From: []@tais.toshiba.com Sent: Wednesday, May 29, 2002 10:50 PM To: bpdg-tech@list.lmicp.

com Subject: BPDG: 5C comments regarding MPAA proposal []@tais.toshiba.com Dear fellow BPDG participants: The 5C companies submit these comments in response to the MPAA companies’ May 15 and May 24 proposed changes to the draft BPDG Compliance and Robustness Requirements. The MPAA companies proposed two significant changes in the form of (a) proposed obligations on consumer modulators and (b) the proposed deletion of the provisions that allow the use of Table A technologies in connection with Unscreened Content. Given these substantial changes from the prior drafts of the Compliance and Robustness Requirements (including from the draft Compliance and Robustness Requirements jointly proposed to the BPDG by MPAA, CIG and 5C companies on April 25), several of the 5C companies have not had sufficient time to complete their review of the various implications of the MPAA companies’ proposed changes and must therefore reserve comment on the studios’ proposal at this time. Nevertheless, in order to be responsive to today’s BPDG deadline, we offer these initial reactions to the two proposals. First, as to the modulator proposal in X.3(2) and X.4(2), the 5C companies support the inclusion of consumer modulator outputs among the list of permitted outputs for Unscreened Content and Marked Content. As to the MPAA companies f proposal that obligations be imposed on consumer modulators with respect the modulation of content other than broadcast content, we note the following: 1. Based on comments made by MPAA representatives during the May 23 conference call and in footnote 2 proposed by the MPAA companies, we understand that the MPAA companies seek a governmental mandate requiring that all consumer modulators (a) screen “non-trusted source” content (i.e., content received via in-the-clear digital inputs) for the Broadcast Flag; (b) not output “non-trusted source” content that contains the Broadcast Flag and (c) not insert the Broadcast Flag in “non-trusted-source” content. If such obligations are to be imposed on consumer modulators, we do not think that Sections X.3(a)(2) or X.4(b)(2) (whose scope is limited to requirements imposed on Covered Products with respect to Unscreened Content and Marked Content) are appropriate provisions to address such obligations. Rather, those sections need only specify that a Covered Product may output Unscreened Content and Marked Content “to an 8-VSB, [16-VSB,] 64-QAM or 256-QAM modulated output.” Additional or collateral proposals relating to obligations imposed on consumer modulators with respect to non-broadcast content could be addressed as a footnote reference to a paragraph in the BPDG Final Report that describes the MPAA proposal. 2. The “proposed principles regarding consumer modulators” posted to the BPDG reflector by Fox on May 1 state that “[i]f content is delivered from a ‘trusted source’ (such as a 5C sink, or conditional access) then the modulator need not check for any label or have any other feature of compliance.” The text of the May 24 draft from Fox, however, would extend the proposed obligations so as to require modulators to screen for the Broadcast Flag in all content other than Unscreened Content and Marked Content, regardless of whether such other content is received via DTCP, conditional access or other any other gtrusted source. h If it is ultimately decided that obligations should be imposed on consumer modulators, they should not extend beyond the MPAA companies f original concept of gnon-trusted source h content, and any provision imposing such obligation should clearly define what content would be subject to screening obligations. In that regard, we would expect that “non-trusted source” or “Unknown” content would be defined as content (other than Unscreened Content and Marked Content) received via in-the-clear digital inputs. Second, the 5C companies believe that the MPAA companies’ proposal to delete the provisions of Sections X.3 and X.6 that allow for the use of Table A technologies in connection with Unscreened Content, represents a substantial change from prior drafts (including from the joint MPAA-CIG-5C proposal) and therefore requires careful consideration of the implications of such a change. In that regard, several of the 5C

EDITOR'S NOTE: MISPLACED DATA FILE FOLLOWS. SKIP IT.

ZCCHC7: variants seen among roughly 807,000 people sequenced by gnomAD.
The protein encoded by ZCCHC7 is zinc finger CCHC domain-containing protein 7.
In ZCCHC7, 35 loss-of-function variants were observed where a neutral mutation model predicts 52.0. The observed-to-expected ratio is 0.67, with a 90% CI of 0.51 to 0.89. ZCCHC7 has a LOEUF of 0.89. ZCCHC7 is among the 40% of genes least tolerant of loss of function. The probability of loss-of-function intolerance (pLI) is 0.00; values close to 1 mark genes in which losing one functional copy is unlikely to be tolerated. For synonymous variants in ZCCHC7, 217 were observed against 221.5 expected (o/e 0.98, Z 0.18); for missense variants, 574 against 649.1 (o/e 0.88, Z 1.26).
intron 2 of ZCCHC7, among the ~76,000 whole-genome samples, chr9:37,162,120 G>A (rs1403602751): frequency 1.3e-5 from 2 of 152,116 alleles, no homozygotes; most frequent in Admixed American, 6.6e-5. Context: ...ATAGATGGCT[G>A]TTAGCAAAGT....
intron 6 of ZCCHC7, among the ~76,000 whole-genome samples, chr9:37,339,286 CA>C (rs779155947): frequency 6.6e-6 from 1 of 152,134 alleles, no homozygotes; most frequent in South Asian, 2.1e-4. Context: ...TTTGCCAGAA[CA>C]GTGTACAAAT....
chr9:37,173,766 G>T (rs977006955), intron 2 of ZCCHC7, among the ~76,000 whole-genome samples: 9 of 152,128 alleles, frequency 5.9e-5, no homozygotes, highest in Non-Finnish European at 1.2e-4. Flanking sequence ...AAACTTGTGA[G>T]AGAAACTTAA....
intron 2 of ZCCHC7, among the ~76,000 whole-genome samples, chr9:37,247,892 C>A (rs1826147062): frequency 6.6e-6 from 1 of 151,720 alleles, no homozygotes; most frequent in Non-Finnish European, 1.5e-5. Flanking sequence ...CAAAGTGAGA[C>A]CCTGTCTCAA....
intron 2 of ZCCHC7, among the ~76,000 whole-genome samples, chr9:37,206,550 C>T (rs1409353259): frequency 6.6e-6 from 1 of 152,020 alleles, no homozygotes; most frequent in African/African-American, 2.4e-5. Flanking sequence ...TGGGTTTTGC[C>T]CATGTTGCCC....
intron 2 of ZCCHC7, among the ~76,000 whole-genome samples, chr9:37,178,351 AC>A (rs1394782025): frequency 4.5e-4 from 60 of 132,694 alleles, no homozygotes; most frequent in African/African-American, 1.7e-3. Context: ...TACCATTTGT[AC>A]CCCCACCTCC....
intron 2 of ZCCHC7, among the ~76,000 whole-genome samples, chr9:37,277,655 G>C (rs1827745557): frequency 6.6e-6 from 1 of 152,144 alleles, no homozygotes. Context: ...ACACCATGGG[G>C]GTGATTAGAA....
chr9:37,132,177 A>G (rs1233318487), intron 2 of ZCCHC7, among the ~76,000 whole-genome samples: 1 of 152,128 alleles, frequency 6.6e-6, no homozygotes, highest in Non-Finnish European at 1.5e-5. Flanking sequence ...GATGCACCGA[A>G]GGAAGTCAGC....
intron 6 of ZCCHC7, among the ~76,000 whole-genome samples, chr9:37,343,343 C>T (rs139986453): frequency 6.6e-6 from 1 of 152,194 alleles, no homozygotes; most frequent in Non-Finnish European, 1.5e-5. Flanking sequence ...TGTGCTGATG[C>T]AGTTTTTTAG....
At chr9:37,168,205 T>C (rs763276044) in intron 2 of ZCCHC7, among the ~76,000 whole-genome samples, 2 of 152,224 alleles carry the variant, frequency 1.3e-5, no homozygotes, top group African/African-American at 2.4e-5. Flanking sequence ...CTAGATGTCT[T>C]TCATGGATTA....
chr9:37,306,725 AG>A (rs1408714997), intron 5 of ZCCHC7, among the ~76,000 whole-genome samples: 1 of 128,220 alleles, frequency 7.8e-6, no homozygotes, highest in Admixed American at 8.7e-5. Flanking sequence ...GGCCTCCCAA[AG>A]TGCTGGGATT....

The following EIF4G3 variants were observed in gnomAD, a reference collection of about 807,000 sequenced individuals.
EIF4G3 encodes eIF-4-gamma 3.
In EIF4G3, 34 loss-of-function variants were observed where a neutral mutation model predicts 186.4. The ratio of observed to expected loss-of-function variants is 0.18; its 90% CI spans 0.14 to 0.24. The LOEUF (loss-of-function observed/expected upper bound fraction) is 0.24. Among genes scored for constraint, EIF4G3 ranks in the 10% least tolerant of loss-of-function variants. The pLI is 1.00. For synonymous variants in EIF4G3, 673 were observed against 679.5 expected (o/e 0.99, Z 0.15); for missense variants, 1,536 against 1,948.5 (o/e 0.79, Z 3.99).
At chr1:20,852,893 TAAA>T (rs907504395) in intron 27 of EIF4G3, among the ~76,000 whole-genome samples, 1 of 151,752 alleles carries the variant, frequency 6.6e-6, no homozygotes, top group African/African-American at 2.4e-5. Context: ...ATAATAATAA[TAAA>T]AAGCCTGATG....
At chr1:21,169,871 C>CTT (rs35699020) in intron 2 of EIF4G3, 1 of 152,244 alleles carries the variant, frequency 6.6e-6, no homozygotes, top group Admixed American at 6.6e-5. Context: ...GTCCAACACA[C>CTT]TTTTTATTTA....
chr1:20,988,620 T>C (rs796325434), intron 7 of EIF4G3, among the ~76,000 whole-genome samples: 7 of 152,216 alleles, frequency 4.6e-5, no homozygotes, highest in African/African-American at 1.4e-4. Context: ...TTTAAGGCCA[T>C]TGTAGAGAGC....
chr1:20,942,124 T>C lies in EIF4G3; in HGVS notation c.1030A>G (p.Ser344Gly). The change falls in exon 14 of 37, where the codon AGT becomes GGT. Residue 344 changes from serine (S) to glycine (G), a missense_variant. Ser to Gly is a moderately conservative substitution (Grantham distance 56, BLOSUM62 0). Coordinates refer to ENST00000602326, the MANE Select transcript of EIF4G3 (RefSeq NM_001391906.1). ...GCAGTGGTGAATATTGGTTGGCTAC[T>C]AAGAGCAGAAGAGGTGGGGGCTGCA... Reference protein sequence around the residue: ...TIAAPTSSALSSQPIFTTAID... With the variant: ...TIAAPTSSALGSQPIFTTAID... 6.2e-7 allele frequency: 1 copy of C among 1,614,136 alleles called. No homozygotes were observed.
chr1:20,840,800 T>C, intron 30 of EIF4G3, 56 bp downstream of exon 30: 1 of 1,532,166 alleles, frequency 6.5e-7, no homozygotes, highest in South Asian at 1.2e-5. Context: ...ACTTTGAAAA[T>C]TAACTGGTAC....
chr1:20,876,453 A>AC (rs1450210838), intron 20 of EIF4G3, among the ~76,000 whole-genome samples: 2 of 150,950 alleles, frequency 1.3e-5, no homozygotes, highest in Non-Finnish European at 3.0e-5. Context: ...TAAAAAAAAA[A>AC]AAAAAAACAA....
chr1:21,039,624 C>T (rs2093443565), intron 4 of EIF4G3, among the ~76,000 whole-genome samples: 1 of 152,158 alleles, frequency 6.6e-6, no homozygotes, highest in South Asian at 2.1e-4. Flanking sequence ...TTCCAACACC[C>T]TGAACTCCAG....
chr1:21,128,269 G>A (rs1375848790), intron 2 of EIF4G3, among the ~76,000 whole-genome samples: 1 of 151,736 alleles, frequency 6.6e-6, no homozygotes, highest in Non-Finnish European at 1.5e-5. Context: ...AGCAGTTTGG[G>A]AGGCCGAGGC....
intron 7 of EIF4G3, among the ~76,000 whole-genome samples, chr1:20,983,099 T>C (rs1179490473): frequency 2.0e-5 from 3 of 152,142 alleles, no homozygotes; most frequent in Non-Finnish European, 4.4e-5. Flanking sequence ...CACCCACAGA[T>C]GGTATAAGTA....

companies have not had sufficient time to complete their review of the new proposal. We believe further consideration should be given to the necessity of restricting use of Table A technologies in connection with Unscreened Content as well as consideration of less restrictive means to address the MPAA companies’ concerns, including, for example, consideration of whether Table A technologies can be used for Unscreened Content (a) where such technologies also satisfy the definition of a “Robust Method” or (b) under other specified circumstances. Best regards, [] President Digital Transmission Licensing Administrator, LLC